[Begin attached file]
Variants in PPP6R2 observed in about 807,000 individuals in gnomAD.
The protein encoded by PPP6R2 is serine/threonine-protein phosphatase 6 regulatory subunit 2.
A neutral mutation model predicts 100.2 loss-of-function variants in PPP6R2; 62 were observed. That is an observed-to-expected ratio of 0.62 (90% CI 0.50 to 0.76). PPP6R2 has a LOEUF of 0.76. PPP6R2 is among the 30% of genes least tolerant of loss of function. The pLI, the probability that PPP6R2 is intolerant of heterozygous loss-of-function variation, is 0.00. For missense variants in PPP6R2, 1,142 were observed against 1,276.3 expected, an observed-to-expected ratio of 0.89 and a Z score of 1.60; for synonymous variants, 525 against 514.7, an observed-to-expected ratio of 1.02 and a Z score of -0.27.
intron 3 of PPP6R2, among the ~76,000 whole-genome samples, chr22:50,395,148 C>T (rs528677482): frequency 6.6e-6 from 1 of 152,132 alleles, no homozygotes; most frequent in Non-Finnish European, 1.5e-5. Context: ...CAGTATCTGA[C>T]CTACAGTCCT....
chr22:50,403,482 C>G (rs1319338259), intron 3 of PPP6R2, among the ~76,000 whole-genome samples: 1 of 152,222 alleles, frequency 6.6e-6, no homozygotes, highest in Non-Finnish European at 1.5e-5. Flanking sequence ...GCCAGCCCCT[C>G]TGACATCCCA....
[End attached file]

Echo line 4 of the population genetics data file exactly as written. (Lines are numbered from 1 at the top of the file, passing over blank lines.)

intron 3 of PPP6R2, among the ~76,000 whole-genome samples, chr22:50,395,148 C>T (rs528677482): frequency 6.6e-6 from 1 of 152,132 alleles, no homozygotes; most frequent in Non-Finnish European, 1.5e-5. Context: ...CAGTATCTGA[C>T]CTACAGTCCT....